|An Elections Canada sample ballot. Source.|
I'm going to start by saying that this one's for you, Jeff. It's late, but it's still for you.
Given that there's been a seismic shift in Canadian politics since the last federal election, I'd like to talk about a choice that the governing Liberals will be faced with in the next year or so, if their campaign promises are to be believed. Justin Trudeau has promised that this will have been the last election under the First Past the Post (FPTP) system, and that a new method will be decided upon after broad consultations.
Now, I'm not going to try and explain the main contenders for voting systems out there, because not only has CGP Grey already done that, he has done it better than I could hope to do with his Politics in the Animal Kingdom series. While they're all videos worth watching, I'd recommend checking out at the very least the Mixed Member Proportional (MMP), Alternative/Instant Runoff (IR), and Single Transferable Vote (STV), videos for the purposes of this discussion.
In the last several elections, the FPTP system has delivered rather wild results. In fact, the last two majority governments were decided by roughly 40% of the population. Pundits may endlessly analyse this, looking at voting efficiency numbers (votes cast/seats won), but honestly, it's a consequence of the system. The biggest weaknesses of FPTP are widely seen to be the spoiler effect and strategic voting in general.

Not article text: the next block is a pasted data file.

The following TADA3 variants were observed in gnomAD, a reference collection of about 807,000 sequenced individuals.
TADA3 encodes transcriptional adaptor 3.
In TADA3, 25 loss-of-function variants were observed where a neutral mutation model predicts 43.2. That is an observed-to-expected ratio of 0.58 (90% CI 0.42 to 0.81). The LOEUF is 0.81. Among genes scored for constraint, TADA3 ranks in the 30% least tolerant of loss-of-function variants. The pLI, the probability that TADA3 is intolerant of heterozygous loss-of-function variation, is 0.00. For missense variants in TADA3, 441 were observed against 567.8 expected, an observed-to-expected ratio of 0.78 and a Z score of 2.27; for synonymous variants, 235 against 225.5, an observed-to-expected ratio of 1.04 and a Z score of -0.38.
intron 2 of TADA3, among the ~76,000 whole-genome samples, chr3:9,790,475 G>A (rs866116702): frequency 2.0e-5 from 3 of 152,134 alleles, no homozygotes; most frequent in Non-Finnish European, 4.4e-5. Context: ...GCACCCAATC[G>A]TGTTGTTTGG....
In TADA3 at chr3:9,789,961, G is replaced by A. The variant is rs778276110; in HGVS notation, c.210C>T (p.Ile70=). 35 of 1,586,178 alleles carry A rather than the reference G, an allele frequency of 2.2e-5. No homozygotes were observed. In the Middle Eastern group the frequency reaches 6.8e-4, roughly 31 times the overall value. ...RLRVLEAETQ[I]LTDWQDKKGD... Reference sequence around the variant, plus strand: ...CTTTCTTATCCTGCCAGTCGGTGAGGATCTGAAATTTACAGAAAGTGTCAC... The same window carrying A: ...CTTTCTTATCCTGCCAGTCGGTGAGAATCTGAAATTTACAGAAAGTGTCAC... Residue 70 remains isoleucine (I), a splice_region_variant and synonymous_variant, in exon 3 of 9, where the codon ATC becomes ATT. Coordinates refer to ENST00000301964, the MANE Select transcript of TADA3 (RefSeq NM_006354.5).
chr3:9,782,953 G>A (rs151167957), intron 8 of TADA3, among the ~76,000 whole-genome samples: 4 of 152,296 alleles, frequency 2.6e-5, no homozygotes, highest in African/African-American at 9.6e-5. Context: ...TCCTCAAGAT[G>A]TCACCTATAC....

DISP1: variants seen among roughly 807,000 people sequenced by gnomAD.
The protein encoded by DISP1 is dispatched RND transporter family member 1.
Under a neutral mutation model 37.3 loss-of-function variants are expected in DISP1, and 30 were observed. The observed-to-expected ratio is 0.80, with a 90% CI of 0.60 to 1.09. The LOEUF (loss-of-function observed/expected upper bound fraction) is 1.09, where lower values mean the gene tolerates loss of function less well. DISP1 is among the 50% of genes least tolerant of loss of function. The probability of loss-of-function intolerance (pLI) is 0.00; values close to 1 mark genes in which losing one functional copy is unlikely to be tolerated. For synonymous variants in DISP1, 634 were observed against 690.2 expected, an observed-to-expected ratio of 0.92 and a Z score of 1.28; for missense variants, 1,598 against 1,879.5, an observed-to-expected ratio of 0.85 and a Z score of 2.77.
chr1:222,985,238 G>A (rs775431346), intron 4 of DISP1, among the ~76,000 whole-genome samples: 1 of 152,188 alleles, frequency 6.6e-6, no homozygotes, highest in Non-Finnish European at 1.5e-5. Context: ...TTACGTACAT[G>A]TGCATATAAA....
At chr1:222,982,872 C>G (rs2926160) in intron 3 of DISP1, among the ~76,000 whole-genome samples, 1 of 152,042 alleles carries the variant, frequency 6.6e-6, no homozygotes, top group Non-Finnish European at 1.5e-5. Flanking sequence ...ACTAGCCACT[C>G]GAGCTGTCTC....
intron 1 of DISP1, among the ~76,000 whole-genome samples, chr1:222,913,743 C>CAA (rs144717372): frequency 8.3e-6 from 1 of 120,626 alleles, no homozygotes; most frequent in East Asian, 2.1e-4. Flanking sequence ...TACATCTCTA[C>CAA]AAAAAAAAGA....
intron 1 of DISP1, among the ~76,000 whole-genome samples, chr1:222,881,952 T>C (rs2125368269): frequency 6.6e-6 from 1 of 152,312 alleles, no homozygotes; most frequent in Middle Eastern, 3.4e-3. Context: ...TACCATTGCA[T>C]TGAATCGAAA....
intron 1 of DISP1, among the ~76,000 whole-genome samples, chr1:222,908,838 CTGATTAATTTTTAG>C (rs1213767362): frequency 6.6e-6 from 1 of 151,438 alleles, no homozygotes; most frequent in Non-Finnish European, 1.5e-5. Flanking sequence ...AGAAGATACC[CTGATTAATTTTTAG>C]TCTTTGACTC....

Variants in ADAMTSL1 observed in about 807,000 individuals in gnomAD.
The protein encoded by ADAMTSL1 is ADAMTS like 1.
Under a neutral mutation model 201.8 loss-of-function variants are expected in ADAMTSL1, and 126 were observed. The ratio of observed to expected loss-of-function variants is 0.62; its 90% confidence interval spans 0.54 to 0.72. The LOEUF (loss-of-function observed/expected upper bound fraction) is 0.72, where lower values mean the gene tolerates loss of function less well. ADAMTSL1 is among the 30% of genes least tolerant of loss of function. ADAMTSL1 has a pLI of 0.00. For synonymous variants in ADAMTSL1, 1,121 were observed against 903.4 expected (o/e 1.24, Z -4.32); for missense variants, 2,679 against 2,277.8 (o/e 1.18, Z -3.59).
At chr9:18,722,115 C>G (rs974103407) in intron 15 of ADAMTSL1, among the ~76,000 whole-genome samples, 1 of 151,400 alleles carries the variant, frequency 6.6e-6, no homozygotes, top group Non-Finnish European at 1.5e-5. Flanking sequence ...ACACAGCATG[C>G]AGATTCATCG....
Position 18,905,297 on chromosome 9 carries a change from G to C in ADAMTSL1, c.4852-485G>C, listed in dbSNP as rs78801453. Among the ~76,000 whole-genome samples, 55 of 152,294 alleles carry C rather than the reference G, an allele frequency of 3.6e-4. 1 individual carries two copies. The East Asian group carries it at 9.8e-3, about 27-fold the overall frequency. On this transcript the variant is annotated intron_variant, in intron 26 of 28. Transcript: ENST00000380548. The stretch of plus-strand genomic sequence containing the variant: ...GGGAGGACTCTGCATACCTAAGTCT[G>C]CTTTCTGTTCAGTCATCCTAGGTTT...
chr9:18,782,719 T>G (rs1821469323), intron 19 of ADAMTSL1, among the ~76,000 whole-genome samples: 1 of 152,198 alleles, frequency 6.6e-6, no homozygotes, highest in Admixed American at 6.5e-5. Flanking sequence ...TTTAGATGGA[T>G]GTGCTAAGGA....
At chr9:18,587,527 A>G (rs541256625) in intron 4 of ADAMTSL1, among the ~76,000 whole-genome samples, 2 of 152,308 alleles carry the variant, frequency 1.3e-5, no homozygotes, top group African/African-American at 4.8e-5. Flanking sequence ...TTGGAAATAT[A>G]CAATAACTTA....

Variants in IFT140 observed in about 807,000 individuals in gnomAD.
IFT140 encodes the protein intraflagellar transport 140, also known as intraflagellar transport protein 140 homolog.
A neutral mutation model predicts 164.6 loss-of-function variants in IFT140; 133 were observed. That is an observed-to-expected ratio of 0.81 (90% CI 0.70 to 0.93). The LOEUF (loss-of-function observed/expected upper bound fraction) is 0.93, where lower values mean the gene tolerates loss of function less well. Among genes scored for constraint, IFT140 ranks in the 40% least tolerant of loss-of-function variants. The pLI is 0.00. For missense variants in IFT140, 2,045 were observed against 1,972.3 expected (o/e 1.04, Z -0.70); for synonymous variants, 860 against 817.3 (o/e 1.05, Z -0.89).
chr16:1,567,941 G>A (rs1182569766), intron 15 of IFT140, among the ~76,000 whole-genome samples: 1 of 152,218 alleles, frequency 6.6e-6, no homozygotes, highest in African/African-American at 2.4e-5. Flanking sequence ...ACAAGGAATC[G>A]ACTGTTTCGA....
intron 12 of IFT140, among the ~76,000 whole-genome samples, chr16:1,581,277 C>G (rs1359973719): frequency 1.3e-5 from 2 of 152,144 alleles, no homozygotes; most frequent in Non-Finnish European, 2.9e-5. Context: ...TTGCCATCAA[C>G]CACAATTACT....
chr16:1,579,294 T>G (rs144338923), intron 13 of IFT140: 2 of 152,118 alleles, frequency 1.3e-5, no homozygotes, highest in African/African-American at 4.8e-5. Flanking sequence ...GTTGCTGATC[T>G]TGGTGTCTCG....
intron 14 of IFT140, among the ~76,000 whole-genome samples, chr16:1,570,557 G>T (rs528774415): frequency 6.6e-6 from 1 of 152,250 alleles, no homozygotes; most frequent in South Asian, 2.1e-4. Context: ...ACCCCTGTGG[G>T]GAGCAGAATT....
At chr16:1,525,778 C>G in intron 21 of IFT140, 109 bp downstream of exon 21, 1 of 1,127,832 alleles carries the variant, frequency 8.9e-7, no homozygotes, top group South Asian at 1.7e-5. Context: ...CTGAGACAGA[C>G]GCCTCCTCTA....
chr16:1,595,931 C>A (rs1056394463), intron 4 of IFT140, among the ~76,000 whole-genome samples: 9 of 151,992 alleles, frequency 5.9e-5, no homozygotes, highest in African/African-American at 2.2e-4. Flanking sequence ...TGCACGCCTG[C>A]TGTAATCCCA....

It could be argued that in the Conservative Party's wins of the new millennium, the centre-left parties played spoiler to one another. Were there just one left-leaning party, the majority of voters would have likely backed said hypothetical party, and that would have been the end of it. However, the similar yet different platforms which were supported by the majority of the country split the vote and yielded a majority of seats in the House of Commons to the Tories.
Now let's look at the election of 2015 specifically. It is widely suspected that the majority win by the Grits was the result of strategic voting. Electors who favoured the NDP (Dippers?) wanted Harper to lose more than they wanted Tom Mulcair to win. In the end, what we saw in the polls was a spectacular shift of support from the NDP to the Grits, and in the end, many voted not for the person they wanted to win, but rather for someone they kind of, sort of liked such that the person they really didn't like wouldn't win.
That's why I think we need a change in our electoral systems. That said, I have obvious preferences. Proportional Representation (PR) would simply tally the votes, and award seats in the House of Commons accordingly. MMP, similarly, would allow electors to directly send candidates to the House, but would add members ("list members" from lists submitted by the parties), until the seat count more closely resembled the popular vote. It sounds great, but my problem with these methods (and the reason that I didn't support MMP in the Ontario referendum), is that I do not care for the idea of list members. Ultimately, I want each Member of Parliament to be responsible to his or her home electorate. Frankly, having been served by back benchers (read: Parliamentarians who support their Party's motions and do little else), for the majority of my lifetime, I don't think the system needs more MPs who are beholden only to their parties and not their direct electors.